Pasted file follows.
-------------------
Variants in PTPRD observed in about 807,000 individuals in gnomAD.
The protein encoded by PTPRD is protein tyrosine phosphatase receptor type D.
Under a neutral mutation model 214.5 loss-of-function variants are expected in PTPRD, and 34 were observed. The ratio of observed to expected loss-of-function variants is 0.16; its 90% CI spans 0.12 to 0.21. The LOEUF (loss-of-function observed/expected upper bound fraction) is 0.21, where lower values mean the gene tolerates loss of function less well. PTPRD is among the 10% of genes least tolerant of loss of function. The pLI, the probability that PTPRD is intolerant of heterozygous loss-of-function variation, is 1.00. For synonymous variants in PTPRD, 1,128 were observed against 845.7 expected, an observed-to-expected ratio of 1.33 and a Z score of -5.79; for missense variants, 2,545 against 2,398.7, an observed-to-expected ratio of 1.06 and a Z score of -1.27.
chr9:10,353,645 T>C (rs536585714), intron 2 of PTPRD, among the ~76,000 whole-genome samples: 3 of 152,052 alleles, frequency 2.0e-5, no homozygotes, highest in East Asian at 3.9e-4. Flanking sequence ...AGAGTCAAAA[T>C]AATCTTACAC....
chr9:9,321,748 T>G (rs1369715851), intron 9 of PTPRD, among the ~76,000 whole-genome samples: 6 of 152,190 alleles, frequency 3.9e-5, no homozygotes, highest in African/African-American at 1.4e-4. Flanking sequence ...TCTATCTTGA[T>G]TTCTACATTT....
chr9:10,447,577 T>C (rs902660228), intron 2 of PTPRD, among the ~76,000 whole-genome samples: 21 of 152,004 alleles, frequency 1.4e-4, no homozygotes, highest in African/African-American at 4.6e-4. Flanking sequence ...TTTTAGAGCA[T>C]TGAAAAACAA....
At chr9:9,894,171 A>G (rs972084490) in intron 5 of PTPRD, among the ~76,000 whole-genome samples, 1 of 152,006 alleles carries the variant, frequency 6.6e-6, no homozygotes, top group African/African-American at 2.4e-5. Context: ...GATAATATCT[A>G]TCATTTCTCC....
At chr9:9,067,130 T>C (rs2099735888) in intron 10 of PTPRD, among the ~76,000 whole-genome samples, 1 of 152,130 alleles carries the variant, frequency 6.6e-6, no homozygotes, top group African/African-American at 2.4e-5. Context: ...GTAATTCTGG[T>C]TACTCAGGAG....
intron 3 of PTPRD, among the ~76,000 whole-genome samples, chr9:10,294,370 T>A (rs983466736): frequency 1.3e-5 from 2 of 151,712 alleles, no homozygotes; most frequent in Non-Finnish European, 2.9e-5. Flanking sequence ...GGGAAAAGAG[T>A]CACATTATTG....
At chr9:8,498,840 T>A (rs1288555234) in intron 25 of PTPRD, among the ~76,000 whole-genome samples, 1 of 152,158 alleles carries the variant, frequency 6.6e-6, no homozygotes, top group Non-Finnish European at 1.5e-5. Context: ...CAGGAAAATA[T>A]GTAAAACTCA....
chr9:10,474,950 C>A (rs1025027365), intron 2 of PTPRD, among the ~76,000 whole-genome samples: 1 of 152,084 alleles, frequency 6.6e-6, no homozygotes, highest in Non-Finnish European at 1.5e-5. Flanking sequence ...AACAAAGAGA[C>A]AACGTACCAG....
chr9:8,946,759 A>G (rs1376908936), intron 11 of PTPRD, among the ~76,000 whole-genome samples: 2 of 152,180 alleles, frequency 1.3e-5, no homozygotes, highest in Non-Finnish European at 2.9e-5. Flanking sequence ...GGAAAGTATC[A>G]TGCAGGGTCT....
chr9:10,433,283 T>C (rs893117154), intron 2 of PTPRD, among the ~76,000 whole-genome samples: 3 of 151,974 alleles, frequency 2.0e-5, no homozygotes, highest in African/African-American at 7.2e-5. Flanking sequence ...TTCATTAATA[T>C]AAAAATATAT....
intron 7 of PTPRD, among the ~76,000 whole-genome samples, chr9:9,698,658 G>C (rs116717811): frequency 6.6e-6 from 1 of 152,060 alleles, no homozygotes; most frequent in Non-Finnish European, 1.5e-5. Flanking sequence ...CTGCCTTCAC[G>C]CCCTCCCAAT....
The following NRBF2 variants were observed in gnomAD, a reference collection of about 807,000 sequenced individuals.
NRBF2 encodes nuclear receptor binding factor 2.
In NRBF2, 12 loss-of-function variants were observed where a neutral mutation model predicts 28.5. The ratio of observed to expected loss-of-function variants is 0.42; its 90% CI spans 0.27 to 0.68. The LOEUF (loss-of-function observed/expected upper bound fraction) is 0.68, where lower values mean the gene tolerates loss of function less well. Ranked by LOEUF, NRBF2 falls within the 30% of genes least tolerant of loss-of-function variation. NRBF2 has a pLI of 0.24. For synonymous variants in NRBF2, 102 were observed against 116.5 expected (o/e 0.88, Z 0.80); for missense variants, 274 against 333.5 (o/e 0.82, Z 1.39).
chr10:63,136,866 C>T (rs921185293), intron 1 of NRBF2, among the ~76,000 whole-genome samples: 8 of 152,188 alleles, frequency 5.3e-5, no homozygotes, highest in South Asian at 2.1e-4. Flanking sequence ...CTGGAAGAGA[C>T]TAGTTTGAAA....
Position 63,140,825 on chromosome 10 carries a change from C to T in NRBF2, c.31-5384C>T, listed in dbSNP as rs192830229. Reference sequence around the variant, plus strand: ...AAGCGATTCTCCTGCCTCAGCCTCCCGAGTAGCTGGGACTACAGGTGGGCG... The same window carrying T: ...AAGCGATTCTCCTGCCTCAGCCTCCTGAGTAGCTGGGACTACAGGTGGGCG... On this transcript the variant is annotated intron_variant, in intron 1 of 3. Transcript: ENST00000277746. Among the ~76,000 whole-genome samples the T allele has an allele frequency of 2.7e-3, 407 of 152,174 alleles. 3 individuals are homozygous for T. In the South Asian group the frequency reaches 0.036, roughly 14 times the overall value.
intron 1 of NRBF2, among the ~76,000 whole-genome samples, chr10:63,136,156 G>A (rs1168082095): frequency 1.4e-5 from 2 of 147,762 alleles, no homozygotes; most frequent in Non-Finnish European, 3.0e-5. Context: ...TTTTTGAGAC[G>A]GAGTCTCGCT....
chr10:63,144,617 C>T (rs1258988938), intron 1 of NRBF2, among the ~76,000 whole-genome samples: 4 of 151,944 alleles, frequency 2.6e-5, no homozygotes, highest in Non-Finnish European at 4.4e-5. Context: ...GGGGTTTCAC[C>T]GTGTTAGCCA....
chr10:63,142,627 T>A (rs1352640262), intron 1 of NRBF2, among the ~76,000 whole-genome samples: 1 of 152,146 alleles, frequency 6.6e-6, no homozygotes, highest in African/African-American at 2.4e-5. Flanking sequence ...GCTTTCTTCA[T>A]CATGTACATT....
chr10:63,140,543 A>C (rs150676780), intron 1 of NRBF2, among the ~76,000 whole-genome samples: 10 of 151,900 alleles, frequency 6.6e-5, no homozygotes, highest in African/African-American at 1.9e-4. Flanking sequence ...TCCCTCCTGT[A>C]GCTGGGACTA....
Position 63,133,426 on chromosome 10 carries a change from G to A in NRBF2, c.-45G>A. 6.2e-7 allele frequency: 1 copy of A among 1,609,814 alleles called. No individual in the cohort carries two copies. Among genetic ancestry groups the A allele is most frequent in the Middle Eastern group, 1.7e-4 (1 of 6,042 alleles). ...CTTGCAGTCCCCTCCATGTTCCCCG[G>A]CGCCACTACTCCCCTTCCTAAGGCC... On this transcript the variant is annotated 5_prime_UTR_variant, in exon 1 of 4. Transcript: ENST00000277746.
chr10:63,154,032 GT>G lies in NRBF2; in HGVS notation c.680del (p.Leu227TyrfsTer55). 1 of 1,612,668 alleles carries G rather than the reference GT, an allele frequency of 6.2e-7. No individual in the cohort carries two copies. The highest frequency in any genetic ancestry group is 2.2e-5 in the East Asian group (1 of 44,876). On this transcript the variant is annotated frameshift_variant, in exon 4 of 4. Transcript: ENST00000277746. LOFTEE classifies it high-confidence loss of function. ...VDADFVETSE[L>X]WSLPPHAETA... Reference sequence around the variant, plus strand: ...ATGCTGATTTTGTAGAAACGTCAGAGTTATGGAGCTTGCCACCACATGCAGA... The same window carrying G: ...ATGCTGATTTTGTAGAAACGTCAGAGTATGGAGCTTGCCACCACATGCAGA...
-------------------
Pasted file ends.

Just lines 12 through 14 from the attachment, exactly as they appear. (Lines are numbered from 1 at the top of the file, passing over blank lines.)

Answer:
chr9:8,946,759 A>G (rs1376908936), intron 11 of PTPRD, among the ~76,000 whole-genome samples: 2 of 152,180 alleles, frequency 1.3e-5, no homozygotes, highest in Non-Finnish European at 2.9e-5. Flanking sequence ...GGAAAGTATC[A>G]TGCAGGGTCT....
chr9:10,433,283 T>C (rs893117154), intron 2 of PTPRD, among the ~76,000 whole-genome samples: 3 of 151,974 alleles, frequency 2.0e-5, no homozygotes, highest in African/African-American at 7.2e-5. Flanking sequence ...TTCATTAATA[T>C]AAAAATATAT....
intron 7 of PTPRD, among the ~76,000 whole-genome samples, chr9:9,698,658 G>C (rs116717811): frequency 6.6e-6 from 1 of 152,060 alleles, no homozygotes; most frequent in Non-Finnish European, 1.5e-5. Flanking sequence ...CTGCCTTCAC[G>C]CCCTCCCAAT....